EDF: the Council of State rejected its appeal – 02/06/2023 at 09:48

(AOF) – On Friday February 3, 2023, the Council of State rendered its decision in the context of the appeal for annulment filed by EDF on August 9, 2022 against the decree and the decrees dated March 11, 12 and 25, 2022 , implementing the allocation of an additional volume of 20 TWh of electricity sold at a regulated price to suppliers from April to December 2022 (the “Device”). The Council of State rejected EDF’s appeal against the Scheme. EDF acknowledges the Council of State’s decision.

The compensation procedure initiated by EDF before the Administrative Court of Paris to obtain full compensation from the State for the damage suffered by EDF as a result of the Scheme is continuing.


Key points

– World leader in low-carbon energy created in 1946 with 38.5 million customers worldwide and 117.3 GW of installed capacity: 60% in nuclear, 18% in hydraulics, 8% in energies renewables, 9% in gas, 3% in fuel oil and 2% in coal;

– Turnover of €84.5 billion and installed capacity of 117.3 GW: 60% in nuclear, 18% in hydraulics, 8% in renewable energies, 9% in gas, 3% in fuel oil and 2% in coal;

– “Cap 30” business model with 3 strategic axes: supporting customers towards carbon neutrality via 10 billion in revenues in services, the rank of 1st world producer of net CO2 electricity and the role of actor of the energy transition;

– Capital 83.69% owned by the State, Jean-Bernard Lévy, CEO of the 18-member board of directors, to be replaced by Luc Rémond;

– Balance sheet cleaned up in April with a net debt (rated A due to the State guarantee) of €42.3 billion, which will be reinforced between 2022 and 2024 by the disposal plan of €3 billion.


– 4 strategic plans: electric mobility – 30% market share in the supply of electricity to electric vehicles by 2023 in France, United Kingdom, Italy and Belgium-, storage -10 GW installed worldwide in 2035-, solar power – 30% of the market in France in 2035- and the Excell plan for the French nuclear industry;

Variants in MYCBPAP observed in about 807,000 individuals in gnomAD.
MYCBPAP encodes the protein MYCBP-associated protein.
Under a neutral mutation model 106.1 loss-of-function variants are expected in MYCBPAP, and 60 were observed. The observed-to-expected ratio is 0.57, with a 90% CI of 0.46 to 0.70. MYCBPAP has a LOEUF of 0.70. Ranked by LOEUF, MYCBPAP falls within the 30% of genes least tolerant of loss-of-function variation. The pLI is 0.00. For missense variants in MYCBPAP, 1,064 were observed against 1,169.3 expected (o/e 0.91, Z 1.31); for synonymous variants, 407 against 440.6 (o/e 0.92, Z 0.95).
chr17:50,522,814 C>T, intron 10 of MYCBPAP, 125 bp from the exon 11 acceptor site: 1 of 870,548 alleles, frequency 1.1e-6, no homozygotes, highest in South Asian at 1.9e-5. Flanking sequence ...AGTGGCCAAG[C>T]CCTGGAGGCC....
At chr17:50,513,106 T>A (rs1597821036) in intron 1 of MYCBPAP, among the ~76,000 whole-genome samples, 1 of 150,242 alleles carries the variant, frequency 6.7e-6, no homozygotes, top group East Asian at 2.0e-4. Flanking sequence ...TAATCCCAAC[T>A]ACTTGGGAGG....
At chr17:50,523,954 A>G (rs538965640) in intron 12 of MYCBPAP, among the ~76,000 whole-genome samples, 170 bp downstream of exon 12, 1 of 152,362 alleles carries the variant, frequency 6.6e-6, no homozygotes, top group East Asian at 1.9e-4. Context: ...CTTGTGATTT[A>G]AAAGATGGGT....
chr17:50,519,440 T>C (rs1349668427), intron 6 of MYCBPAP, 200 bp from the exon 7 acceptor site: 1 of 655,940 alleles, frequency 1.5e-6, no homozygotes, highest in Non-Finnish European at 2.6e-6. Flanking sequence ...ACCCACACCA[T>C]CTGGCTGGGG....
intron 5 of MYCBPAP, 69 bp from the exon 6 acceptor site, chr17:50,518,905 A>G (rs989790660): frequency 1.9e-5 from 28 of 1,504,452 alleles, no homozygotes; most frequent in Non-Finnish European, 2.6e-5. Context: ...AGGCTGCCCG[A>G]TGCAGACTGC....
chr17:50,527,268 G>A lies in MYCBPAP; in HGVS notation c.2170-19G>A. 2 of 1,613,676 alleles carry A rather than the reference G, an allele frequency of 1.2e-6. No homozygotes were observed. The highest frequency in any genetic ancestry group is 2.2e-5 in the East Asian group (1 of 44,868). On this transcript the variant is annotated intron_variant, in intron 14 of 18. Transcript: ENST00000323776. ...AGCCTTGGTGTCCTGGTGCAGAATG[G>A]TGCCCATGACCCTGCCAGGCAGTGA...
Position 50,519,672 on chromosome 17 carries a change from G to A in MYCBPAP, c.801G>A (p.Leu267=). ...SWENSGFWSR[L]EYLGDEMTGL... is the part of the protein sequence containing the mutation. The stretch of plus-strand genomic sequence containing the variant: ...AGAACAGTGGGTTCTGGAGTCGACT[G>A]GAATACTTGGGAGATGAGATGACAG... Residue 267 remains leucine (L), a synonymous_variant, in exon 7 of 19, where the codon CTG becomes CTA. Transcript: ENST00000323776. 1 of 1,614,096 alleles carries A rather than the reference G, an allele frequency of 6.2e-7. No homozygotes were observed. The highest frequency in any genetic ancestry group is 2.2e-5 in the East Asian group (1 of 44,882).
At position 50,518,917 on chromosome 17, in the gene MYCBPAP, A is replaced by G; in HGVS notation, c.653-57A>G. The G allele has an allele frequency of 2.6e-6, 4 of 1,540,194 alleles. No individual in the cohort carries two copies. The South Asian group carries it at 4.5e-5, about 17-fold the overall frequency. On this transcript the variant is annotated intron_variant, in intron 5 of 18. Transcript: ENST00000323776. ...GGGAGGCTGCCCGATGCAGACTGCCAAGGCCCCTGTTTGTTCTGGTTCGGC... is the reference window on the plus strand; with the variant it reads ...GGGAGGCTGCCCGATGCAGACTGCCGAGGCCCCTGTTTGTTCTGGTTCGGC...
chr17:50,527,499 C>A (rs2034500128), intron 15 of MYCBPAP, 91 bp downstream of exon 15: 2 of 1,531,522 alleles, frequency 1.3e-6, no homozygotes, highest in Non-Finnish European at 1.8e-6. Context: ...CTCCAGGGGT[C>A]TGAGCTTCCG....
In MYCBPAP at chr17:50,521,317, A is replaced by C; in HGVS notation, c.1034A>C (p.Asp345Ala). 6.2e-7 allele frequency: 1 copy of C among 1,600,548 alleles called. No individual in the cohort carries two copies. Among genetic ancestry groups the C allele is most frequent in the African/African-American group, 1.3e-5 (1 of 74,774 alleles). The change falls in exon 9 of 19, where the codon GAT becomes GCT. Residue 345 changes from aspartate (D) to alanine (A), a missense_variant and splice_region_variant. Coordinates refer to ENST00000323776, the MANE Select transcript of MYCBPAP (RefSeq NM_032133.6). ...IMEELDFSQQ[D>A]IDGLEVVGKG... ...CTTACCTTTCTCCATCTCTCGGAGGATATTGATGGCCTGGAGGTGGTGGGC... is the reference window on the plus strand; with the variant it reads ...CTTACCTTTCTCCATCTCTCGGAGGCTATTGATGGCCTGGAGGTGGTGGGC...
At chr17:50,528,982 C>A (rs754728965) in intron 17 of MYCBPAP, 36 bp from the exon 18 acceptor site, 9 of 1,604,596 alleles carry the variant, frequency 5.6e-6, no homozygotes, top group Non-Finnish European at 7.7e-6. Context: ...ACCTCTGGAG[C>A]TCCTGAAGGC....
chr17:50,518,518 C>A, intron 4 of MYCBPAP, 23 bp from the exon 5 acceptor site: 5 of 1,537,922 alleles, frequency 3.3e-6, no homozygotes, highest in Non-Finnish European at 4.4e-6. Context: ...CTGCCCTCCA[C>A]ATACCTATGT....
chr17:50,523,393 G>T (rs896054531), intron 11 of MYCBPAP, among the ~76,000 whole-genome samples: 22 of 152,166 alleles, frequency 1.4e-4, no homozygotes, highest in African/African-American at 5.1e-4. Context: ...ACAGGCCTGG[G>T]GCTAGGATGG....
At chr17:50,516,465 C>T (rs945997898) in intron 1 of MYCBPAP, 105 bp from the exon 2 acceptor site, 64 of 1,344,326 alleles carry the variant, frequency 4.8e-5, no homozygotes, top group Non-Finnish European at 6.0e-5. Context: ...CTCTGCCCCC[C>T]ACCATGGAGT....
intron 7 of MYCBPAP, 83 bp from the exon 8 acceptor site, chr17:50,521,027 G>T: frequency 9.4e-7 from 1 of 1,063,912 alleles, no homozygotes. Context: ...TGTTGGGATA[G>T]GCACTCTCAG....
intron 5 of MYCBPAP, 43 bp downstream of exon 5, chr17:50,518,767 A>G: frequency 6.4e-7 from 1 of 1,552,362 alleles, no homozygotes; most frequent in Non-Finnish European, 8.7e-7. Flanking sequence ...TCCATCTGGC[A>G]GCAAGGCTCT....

– Innovation strategy dedicated to digital transformation, production processes, future electrical systems and the decarbonization of customer uses:

– R&D budget of €661 million with 756 patented innovations,

– EDF Pulse Growth fund and incubator and research partnerships (Sinclair laboratory, 5g living Lab, quantum computing, etc.);

– Environmental strategy included in the purpose of the group:

– carbon neutrality in 2050 and 50% reduction, vs 2017 of emissions in 2030,

– 99% of operating budgets dedicated to decarbonization and energy transition,

– €8.755 billion in “green and sustainable” financing and 72% of credit lines indexed on ESG indicators;

– Launch of the construction program for 6 EPR2s and studies for 8 others;

– Integrated operator, from the design and manufacture of nuclear reactors, through Framatome, 75% owned, alongside Mitsubishi (19.5%) to distribution.


– Activity framed by the NOME law (free competition between all market players and resale of a quarter of EDF’s nuclear electricity production to its competitors) and electricity prices administered in France, hence a maintenance cost network little included in the tariffs;

– Impact of the Russia-Ukraine conflict: need to relaunch nuclear electricity production requiring investment in the French fleet and capping of tariffs for individuals;

– Neutralization of the competitive advantage of nuclear power by the obligation to sell electricity to industrialists at the market price;

– Towards a renationalisation of the group but price of the future delisting by the State, ie €12 per share, contested by minority shareholders;

– After a net loss of €5.3 billion in the 1st half, 2022 objective of nuclear production at historic lows, above 280 TWh.

Learn more about the Utilities sector

Greater disparities between utilities

The World Energy Markets Observatory highlights a wide disparity in retail energy prices in Europe. Suffering from both the effect of the rise in wholesale prices and high volatility in selling prices to end consumers, the profitability of players is under pressure. While the sixteen largest European energy suppliers benefited last year from a significant increase in their turnover (+47% compared to 2020), their gross operating margin (Ebitda margin) , deteriorated from 20.2% to 19.6%. Those who had to resort to purchasing electricity on the market had to pay these additional volumes much more expensive than the level of sale prices already set and therefore saw their margins deteriorate.

Faced with the lower availability of its nuclear fleet, EDF, renationalised, should post an annual loss of 29 billion euros in 2022. Engie is doing better because it succeeded in reducing its imports of Russian gas in the first half while benefiting from high electricity prices and its increased exposure to renewable sources.

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